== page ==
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If you’re lucky, if you emerge from the darkness of depression, you might come back with some secret information like Odysseus received from Tiresias in Hades, info that helped him steer between Scylla and Charybdis.  I came back up with the idea that I would try to savor my allotted moments, to try to detach myself from illusion, to attempt to follow the Golden Eighth Fold path.

Again here is Hamlet, talking to his pal Horatio regarding his misgivings about his upcoming fencing match with Laertes, a contest that unbeknownst to him is booby-trapped and will lead to his death:

If it be now,

’tis not to come; if it be not to come, it will be

now; if it be not now, yet it will come: the

readiness is all: since no man has aught of what he

leaves, what is’t to leave betimes?

* * *

Last Wednesday at break as I was placing my coffee cup in the dishwasher in the small kitchen that abuts the boardroom, I heard someone softly say my name.  It was our receptionist Kyndra, as far away from her desk as it is possible for her to be in the building.  She was pale and looked disconcerted.

She asked me if I knew where Judy was.  Of course, the answer should have been no – she could have been at her rural Berkeley County school or her suburban Summerville school or driving between the two – but I said, “She’s at work.”

Kyndra gently shook her head.  She said calmly, looking me in the eyes. “She’s not at work.  The school has called.  She was supposed to be there for a meeting at 7:30.  They’ve called the other school.  She’s not there. They can’t get in touch with her.” She handed me a small blue slip of paper with a number on it. “This is the school’s number.  They want you to call.”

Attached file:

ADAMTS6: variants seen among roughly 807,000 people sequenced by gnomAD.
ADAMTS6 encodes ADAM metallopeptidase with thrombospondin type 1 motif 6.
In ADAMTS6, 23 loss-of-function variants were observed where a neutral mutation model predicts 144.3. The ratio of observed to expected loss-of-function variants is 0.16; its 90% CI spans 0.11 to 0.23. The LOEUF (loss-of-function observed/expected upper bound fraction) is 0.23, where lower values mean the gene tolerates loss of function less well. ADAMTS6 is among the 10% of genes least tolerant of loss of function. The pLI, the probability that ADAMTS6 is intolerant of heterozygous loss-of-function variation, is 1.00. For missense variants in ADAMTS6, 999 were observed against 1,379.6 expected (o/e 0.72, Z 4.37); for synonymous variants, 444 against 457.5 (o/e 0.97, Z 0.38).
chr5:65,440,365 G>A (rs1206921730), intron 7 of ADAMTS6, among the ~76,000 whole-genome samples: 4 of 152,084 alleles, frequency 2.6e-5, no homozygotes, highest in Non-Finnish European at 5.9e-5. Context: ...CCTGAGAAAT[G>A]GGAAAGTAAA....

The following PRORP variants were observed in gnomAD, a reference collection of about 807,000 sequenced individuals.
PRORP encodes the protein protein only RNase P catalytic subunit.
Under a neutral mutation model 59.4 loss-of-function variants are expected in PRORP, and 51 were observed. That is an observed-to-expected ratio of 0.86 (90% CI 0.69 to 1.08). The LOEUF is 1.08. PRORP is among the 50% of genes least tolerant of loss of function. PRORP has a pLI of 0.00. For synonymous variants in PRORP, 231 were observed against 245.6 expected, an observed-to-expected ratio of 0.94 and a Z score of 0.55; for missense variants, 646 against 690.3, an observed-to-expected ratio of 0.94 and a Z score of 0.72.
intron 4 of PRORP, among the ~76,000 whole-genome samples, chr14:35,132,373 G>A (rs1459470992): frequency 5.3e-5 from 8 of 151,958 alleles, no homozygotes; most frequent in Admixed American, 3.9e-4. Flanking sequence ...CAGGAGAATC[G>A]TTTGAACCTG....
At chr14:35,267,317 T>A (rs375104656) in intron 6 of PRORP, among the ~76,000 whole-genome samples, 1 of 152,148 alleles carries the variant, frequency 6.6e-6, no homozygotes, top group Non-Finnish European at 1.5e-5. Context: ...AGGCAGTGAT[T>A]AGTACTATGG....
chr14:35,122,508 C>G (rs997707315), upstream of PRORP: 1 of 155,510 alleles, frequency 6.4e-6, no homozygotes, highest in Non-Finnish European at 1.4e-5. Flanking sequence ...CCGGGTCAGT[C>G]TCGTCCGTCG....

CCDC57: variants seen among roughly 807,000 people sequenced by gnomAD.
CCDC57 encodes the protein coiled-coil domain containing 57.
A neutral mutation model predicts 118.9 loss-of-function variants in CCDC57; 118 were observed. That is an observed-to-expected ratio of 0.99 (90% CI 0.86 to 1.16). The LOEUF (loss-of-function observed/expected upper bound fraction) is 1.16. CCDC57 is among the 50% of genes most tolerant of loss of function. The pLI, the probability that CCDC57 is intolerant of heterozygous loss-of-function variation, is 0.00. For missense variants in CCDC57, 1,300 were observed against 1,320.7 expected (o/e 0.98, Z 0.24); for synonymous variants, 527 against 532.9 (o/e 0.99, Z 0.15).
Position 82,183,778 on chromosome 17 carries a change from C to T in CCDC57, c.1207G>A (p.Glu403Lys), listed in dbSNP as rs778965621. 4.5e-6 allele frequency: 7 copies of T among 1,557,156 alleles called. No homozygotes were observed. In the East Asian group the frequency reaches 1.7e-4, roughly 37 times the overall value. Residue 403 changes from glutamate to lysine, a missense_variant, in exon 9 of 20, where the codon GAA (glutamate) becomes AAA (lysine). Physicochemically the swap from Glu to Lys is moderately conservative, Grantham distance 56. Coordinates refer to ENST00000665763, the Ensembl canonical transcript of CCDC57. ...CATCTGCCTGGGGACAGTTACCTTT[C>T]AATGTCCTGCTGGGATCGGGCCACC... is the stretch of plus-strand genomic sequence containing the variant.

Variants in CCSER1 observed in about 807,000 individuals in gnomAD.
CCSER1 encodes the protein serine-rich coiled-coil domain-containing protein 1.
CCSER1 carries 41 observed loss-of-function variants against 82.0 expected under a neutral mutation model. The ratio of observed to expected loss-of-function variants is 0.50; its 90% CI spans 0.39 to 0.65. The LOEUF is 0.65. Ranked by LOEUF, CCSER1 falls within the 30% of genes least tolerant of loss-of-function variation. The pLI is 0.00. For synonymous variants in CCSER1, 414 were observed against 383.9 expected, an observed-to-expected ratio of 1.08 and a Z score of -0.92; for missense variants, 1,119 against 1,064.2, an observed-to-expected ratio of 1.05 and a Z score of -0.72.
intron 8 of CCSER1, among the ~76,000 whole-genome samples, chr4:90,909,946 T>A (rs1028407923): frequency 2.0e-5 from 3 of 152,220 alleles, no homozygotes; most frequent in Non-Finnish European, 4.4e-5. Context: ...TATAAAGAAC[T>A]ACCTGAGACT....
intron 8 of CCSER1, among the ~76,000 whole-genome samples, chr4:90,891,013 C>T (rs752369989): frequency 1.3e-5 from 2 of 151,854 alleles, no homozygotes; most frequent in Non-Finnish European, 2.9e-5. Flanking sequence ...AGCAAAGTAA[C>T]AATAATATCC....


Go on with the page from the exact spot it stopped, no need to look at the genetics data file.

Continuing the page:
I don’t remember the walk from the boardroom to my classroom.  Did I run?  Did I walk quickly?  I felt a sudden – this is difficult to describe – a sort of sudden metallic sinking of my soul like a ship going down.

Did I know where Judy was?  No, but I could guess –  not likely a stalled engine or flat tire given cellphones.  A wreck seemed more likely, but she had left home at 6:30 and now at 9:50 that would mean a bad one or one in a location that had no cellular reception.  Then I thought of carjacking, kidnapping.

I now was hunched over the phone in my room dialing  Judy’s cell.  I had moved the chair from behind my desk earlier in the day, so I couldn’t sit down or stand straight up because of shelves hanging over the desk of the phone.  It occurs to me now that I could have more comfortably used my cell, not had to dial 9 for a ringtone, but I’ve been using a cell phone for only a month, and it doesn’t come naturally to me.